By Rabbi Neil Hirsch
Carol, a congregant at my synagogue, is a 5th grade teacher in the Framingham public schools who has recently gotten into the habit of glancing at her watch at 11:30 AM. That’s when the requests to go to the nurse begin. Why 11:30? Why like clockwork? That’s when the Tylenol wears off for her students who come to school sick. Their parents, who cannot afford to take a day off to care for their children, gave them Tylenol in hopes of keeping their child’s symptoms at bay. So, Carol sends the children to the nurse, hoping that they’ll spend the day there instead of being sent back to the classroom to be with everyone else because the nurse’s office is at full capacity.
The school cannot send the students home because their caregivers are off at work. Because many parents do not earn sick leave, our school systems are taxed and our workspaces are exposed to illness. Simply put, the fact that many workers here in Massachusetts cannot earn hours of paid sick leave is holding us back as a community.
A person’s physical needs are my spiritual needs. That is how Rabbi Israel Salanter, a significant European Jewish thinker, taught it. Put another way, “You shall not torment a stranger, for you know the feelings of the stranger, having yourselves been strangers in the land of Egypt.” That’s the way the Book of Exodus (23:9) puts it. Or from a different perspective: rising tides lift all boats.
Many benefit when a community decides to provide for the physical needs of some. Such is the consistent view of the Jewish tradition. We know what it means to be strangers in a strange land, to be out of place, to be caught in the narrows. And so, that is why we Massachusetts voters need to go to the polls on November 4 and vote our values. Ballot Initiative No. 4 will enable employees to earn and use up to 40 hours of paid sick leave per year. We need to pass this initiative.
Because everyone gets sick. Granting the chance to earn paid sick leave would relieve pressure on our workforce. It would provide job security to those who fear losing a day’s wage to care for themselves or a loved one. A 2013 Staples survey reported that 90 percent of workers go to the office when ill. Women in the workforce would benefit directly. Women are over-represented in low-wage positions, and are more likely to serve as the family caregiver. A 2008 study by the Casey Institute showed that 74% of working mothers versus 40% of working fathers took time off when a child was sick. And, there are public health benefits as well. Workers in fear of losing a day’s wage or their jobs because of illness are more likely to come to work and infect others around them. Sick children whose parents cannot take time off are more likely to show up to school. Lack of sick leave increases the risk of spreading disease. Another person’s physical needs then run the risk of becoming your physical needs.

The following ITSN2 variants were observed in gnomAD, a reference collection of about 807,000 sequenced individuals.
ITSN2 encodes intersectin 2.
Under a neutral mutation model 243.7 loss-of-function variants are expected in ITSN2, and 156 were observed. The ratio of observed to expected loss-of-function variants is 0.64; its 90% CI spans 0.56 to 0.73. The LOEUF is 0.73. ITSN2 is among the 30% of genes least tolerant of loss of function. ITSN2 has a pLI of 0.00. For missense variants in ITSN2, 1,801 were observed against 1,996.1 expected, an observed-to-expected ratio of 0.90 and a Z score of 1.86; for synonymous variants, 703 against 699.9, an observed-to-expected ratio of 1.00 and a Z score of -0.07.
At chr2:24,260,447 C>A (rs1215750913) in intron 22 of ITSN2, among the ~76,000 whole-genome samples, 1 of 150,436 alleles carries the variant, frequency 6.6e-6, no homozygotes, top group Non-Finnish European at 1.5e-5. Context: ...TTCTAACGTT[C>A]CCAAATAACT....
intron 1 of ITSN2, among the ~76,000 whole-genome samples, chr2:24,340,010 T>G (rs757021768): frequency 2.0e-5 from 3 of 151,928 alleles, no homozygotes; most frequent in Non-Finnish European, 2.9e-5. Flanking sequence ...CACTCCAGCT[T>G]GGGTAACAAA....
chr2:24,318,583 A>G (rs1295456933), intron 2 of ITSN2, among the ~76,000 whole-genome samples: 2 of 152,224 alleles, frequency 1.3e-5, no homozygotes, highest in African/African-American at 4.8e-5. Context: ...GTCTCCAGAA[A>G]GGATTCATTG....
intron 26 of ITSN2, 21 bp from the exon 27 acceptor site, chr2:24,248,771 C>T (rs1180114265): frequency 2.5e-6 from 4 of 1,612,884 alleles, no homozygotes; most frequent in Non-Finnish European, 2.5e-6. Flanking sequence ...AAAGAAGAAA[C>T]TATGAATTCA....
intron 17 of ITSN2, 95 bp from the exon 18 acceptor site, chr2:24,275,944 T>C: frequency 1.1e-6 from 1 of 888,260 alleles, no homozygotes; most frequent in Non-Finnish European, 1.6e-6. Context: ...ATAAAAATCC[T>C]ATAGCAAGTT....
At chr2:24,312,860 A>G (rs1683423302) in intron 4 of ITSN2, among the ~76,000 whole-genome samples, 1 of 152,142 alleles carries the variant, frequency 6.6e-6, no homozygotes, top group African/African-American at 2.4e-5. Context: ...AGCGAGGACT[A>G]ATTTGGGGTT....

Approximately 900,000 Massachusetts workers currently have no agreement with their employers about sick leave—paid or unpaid. Mandating the ability for workers to earn paid sick leave will be a tide that will lift all boats. Currently 163 nations guarantee paid sick leave and California and Connecticut have passed measures as well. Massachusetts should join this vanguard, continuing to set an example to urge our country toward a national policy for paid sick leave.
In the Talmud, we are taught that “one who withholds an employee’s wages is as though he deprived him of his life” (BT Baba Metzia 112a). Withholding pay damages a worker’s livelihood. We are also depriving employees of their health when we give them no other options but to show up to work sick. Like wages, paid sick leave will lead to a healthier, more productive Massachusetts work force. It will lead to a healthier, happier school system. Bottom line, it will lead to a better Commonwealth. Our religious values point us in this direction, and it makes sense economically and for our communal health.
This Election Day, vote YES on Question 4, Earned Sick Time For Employees.
Rabbi Neil Hirsch serves at Temple Shalom in Newton, MA and lives in Brookline. He is also a member of the Commission on Social Action, and is on the faculties of both the Eisner Camp and Eser, Hebrew College’s young adult learning series.